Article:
Days after the Supreme Court observed that the "success rate" in cases taken up by the Central Bureau of Investigation (CBI) is perceived low, the agency has informed it that it has achieved the conviction rate of about 65-70 per cent, and would try to raise it to 75 per cent by August 2022.
In an affidavit filed before the top court, CBI director SK Jaiswal stated that CBI secured the conviction of the accused in 69.83 per cent and 69.19 per cent of the cases in 2020 and 2019 respectively.
"Soon after taking charge as Director, CBI, one of the main steps, inter alia, taken was to improve the Directorate of Prosecution by holding a meeting of all officers at the level of Assistant Public Prosecutor and above along with Senior Executive Officers, in October 2021.
"It is the endeavor of the CBI to bring the present conviction rate to 75 per cent by August 2022," the CBI director said in the affidavit. The CBI told the top court that a comprehensive review of the system has been established after extensive deliberations with the senior officials of CBI in the year 2020 and 2021 as considered necessary.
It said that revamped set up guidelines replacing the old ones have been issued with an emphasis on the monitoring of the matters pertaining to filing and monitoring of appeals by CBI before the Higher Courts.
The effort of CBI is to undertake a quick (preferably less than 30 days) intra-departmental decision as to whether to file an Appeal/Revision or not in a given prosecution case so that the requirement of condonation of delay is ruled out, it said.
"It is submitted that filing of Appeals/ SLPs by the CBI also entails the role of other Agencies/Departments including DoPT, Central Agency Section and Ministry of Law & Justice. To expedite processing of such matters by other Agencies/Departments and for better coordination on behalf of CBI, a dedicated cell has been created in CBI, for the monitoring and coordination of proposals relating to filing of Appeals," the CBI said.
The affidavit was filed in response to questions put forth by the top court on September 3.
The CBI said that presently, eight states namely West Bengal, Maharashtra, Kerala, Punjab, Rajasthan, Jharkhand, Chhattisgarh, and Mizoram have withdrawn the general consent previously granted to Delhi Special Police Establishment (CBI) under section 6 of the DSPE Act.
"Now, taking specific consent again on a case-to-case basis is time-consuming and at times may be detrimental to timely and prompt investigation. It is noteworthy to mention that CBI has sent over 150 requests to the Governments of Maharashtra, Punjab, Chhattisgarh, Rajasthan, Jharkhand, West Bengal, Kerala, and Mizoram during the period 2018 to June 2021 for grant of specific consent for investigation of cases in the territory of these States.
"The aforesaid requests were made for investigating Trap cases, Disproportionate Assets cases, cases relating to allegations of cheating, forgery, misappropriation, and loss of foreign exchange and also Bank Fraud cases. Requests were granted in less than 18 per cent cases..." the affidavit said.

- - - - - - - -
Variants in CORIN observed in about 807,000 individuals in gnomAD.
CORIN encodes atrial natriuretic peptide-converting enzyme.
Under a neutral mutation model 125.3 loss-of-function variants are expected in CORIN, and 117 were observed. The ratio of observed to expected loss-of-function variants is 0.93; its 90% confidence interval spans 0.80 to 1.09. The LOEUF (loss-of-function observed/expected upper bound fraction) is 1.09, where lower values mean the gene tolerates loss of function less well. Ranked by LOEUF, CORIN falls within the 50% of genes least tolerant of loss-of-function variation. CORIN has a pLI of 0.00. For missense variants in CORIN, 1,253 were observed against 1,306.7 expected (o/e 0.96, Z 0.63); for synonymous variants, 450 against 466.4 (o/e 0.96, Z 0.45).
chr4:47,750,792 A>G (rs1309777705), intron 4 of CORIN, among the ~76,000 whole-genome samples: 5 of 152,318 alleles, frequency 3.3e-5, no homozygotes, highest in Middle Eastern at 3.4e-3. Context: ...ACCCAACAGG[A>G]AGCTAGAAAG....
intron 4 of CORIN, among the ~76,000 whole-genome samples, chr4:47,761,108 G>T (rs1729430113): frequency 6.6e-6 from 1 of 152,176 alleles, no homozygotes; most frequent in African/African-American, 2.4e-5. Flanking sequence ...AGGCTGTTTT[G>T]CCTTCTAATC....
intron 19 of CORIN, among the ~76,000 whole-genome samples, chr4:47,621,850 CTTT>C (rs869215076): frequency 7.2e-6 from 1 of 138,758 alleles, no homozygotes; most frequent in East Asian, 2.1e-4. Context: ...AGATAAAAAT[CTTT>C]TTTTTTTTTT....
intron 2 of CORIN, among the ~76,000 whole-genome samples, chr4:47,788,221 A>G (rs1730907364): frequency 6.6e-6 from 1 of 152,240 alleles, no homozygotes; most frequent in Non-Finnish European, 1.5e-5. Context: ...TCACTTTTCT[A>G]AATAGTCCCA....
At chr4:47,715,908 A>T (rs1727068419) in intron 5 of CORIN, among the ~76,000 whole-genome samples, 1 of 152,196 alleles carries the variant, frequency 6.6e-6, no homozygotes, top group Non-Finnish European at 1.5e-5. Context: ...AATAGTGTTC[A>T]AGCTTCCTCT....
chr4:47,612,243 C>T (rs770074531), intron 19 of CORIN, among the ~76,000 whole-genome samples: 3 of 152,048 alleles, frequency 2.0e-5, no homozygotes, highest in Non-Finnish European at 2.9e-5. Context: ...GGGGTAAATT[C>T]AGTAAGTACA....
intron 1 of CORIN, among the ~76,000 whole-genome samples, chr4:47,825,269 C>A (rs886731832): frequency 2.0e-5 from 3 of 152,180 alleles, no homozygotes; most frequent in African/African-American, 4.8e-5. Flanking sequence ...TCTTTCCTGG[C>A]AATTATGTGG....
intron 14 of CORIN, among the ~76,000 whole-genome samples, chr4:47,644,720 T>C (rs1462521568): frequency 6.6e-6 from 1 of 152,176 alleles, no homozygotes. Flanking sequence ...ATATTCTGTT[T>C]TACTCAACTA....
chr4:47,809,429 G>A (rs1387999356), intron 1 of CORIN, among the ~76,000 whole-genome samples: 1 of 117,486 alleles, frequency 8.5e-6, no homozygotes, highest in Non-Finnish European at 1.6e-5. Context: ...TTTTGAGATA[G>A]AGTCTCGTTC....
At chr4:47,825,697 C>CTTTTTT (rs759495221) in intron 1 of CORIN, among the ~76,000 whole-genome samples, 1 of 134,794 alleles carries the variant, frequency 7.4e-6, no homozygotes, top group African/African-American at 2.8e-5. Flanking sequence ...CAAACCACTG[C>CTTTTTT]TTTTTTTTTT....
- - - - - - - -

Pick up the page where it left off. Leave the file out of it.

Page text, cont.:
The CBI said that the delay caused in taking up cases by the CBI due to any of the reasons mentioned above, at times, leads to destruction or dissipation of evidence.
"This is detrimental not only for the investigation by the CBI but also for subsequent prosecution of cases," it said.
The investigative agency said that the harmonious and synergetic working of Executive Officers in tandem with the Law Officers of the Directorate of Prosecution, CBI has resulted in achieving the conviction rate of about 65-70 per cent over a period of time.
Observing that the "success rate" in cases taken up by the CBI is perceived low, the top court had earlier asked the premier central investigating agency to identify the bottlenecks and apprise it of the steps that have been taken to strengthen its prosecution unit.
It had directed the CBI director to file an affidavit within six weeks stating the number of cases in which the agency was successful in getting the accused convicted in trial courts and high courts.
The court had asked the CBI director to inform it about the steps taken or proposed to be taken to address the inadequacies in manpower, infrastructure facility, and the quality of investigation.
"There is a common perception that the success rate of the cases taken on file is rather low. Thus, we call upon the petitioners to place the year-wise data on the cases under prosecution, the time period over which they are pending before the trial courts, and the percentage of conviction rendered by the courts at different-level," the bench had said.
The top court's direction came while hearing an appeal by CBI against advocates Mohammad Altaf Mohand and Sheikh Mubarak challenging a 2018 order of the Jammu and Kashmir High Court in a case of allegedly fabricating/creating false evidence by pressuring, inducing, and threatening the eye-witnesses to make false depositions implicating the police/security personnel in the commission of offences of rape and murder of the two women in Shopian.
The appeal was filed after an inordinate delay of 542 days.
(Except for the headline, this story has not been edited by NDTV staff and is published from a syndicated feed.)